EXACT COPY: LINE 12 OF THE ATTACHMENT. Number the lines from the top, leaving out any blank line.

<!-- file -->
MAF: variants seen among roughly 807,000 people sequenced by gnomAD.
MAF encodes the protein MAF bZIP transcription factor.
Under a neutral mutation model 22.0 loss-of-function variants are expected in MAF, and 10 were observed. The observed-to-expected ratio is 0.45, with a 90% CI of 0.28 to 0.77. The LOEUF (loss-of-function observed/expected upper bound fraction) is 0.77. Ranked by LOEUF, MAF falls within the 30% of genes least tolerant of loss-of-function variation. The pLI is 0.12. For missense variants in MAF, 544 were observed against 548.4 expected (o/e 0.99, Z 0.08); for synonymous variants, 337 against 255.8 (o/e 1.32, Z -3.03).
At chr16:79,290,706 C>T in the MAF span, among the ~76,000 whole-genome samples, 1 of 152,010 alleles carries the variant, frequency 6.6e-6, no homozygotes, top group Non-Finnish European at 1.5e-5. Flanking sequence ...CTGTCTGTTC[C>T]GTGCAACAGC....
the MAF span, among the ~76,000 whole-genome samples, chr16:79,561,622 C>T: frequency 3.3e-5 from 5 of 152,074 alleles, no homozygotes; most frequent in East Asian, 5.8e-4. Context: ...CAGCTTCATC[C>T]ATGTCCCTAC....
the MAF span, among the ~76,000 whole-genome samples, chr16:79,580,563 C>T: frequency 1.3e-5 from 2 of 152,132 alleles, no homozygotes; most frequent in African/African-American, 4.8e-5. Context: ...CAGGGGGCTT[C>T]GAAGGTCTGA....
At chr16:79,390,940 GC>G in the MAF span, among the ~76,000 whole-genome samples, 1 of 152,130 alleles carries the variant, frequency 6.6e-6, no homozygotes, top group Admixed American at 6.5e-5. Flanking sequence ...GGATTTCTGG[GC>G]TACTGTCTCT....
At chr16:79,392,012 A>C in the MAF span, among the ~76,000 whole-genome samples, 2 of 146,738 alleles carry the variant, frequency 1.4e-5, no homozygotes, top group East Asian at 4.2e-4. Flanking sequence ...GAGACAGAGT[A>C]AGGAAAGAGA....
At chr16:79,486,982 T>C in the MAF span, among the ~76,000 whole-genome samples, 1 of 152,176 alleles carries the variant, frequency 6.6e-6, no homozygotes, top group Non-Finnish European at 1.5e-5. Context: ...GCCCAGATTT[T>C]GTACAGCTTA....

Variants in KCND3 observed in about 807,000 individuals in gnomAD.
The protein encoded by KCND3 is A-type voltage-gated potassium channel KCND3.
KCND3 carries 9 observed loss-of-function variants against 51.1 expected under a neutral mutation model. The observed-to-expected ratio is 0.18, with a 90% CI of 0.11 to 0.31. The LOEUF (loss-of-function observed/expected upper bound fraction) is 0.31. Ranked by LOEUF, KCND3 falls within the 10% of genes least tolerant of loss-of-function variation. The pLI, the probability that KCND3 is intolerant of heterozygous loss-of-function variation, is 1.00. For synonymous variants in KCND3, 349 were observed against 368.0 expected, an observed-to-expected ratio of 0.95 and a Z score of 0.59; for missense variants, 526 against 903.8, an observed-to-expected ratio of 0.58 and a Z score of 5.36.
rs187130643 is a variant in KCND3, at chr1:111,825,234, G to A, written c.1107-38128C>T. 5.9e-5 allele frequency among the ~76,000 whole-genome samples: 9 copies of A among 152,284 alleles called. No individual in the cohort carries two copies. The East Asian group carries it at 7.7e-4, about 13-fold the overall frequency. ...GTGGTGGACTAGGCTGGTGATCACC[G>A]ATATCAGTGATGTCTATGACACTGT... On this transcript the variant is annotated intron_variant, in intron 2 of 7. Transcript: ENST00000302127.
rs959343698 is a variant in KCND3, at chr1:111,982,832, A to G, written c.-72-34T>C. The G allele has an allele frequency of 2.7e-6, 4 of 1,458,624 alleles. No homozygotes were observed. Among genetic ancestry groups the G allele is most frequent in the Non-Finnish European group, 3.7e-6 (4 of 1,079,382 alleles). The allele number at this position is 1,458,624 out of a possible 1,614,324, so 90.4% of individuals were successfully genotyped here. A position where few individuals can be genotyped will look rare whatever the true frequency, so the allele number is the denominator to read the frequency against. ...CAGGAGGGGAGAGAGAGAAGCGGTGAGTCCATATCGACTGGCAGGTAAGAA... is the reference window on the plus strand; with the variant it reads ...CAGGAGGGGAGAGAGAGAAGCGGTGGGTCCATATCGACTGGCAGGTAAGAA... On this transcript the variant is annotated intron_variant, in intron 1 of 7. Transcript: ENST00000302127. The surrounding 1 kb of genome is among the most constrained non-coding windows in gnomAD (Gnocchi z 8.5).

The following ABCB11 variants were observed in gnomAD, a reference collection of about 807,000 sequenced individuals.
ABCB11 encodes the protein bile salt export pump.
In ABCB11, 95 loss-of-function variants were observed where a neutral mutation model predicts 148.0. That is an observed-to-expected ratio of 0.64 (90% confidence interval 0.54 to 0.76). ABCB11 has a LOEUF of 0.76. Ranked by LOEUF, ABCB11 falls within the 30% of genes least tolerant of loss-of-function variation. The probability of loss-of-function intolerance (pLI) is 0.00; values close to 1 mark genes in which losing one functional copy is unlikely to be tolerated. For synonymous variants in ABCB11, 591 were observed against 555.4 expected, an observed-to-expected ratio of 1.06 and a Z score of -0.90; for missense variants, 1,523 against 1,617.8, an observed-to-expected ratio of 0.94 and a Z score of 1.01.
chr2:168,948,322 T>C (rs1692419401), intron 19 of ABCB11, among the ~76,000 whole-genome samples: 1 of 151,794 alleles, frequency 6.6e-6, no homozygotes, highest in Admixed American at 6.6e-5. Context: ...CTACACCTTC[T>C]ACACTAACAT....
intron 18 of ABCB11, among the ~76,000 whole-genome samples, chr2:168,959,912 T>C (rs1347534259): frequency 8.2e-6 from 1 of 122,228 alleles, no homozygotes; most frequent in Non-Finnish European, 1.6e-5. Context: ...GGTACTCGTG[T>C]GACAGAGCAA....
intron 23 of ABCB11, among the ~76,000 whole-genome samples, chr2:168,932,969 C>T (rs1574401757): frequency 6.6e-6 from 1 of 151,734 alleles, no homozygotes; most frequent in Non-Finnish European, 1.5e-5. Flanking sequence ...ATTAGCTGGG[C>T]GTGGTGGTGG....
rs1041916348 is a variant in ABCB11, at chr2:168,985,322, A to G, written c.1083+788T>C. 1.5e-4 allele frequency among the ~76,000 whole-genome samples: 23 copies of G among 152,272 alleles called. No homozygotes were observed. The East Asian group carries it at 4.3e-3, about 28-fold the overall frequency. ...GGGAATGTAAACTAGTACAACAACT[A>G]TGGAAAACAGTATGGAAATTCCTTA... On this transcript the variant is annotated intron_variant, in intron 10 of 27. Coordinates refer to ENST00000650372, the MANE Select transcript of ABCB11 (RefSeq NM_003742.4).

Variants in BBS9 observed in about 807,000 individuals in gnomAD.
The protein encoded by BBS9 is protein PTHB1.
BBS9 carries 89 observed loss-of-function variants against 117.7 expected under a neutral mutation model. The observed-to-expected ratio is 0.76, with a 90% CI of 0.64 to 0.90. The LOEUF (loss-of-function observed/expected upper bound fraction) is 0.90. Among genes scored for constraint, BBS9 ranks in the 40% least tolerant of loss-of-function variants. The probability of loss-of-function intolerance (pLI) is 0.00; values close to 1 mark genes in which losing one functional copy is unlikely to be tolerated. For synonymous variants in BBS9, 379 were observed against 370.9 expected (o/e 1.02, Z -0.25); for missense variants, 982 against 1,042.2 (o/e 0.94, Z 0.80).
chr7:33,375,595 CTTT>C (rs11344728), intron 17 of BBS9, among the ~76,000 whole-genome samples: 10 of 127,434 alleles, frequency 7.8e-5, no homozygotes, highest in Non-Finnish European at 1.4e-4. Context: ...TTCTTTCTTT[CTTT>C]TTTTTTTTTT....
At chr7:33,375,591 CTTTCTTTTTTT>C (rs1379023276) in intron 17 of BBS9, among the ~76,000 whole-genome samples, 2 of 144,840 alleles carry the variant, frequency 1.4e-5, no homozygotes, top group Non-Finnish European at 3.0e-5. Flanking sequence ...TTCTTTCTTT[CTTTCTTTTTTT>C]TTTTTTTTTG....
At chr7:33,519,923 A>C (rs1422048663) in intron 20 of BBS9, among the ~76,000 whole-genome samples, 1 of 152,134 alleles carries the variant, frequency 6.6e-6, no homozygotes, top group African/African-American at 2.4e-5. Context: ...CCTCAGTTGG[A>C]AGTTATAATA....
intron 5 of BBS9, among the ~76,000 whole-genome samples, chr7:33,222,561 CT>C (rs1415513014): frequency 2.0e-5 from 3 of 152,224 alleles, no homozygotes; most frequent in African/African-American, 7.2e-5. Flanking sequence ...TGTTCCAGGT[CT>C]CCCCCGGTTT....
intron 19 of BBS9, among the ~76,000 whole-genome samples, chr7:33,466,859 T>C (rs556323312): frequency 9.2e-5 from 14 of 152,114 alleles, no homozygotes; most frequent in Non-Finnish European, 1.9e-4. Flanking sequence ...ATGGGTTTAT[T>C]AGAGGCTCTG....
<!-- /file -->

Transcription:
KCND3 carries 9 observed loss-of-function variants against 51.1 expected under a neutral mutation model. The observed-to-expected ratio is 0.18, with a 90% CI of 0.11 to 0.31. The LOEUF (loss-of-function observed/expected upper bound fraction) is 0.31. Ranked by LOEUF, KCND3 falls within the 10% of genes least tolerant of loss-of-function variation. The pLI, the probability that KCND3 is intolerant of heterozygous loss-of-function variation, is 1.00. For synonymous variants in KCND3, 349 were observed against 368.0 expected, an observed-to-expected ratio of 0.95 and a Z score of 0.59; for missense variants, 526 against 903.8, an observed-to-expected ratio of 0.58 and a Z score of 5.36.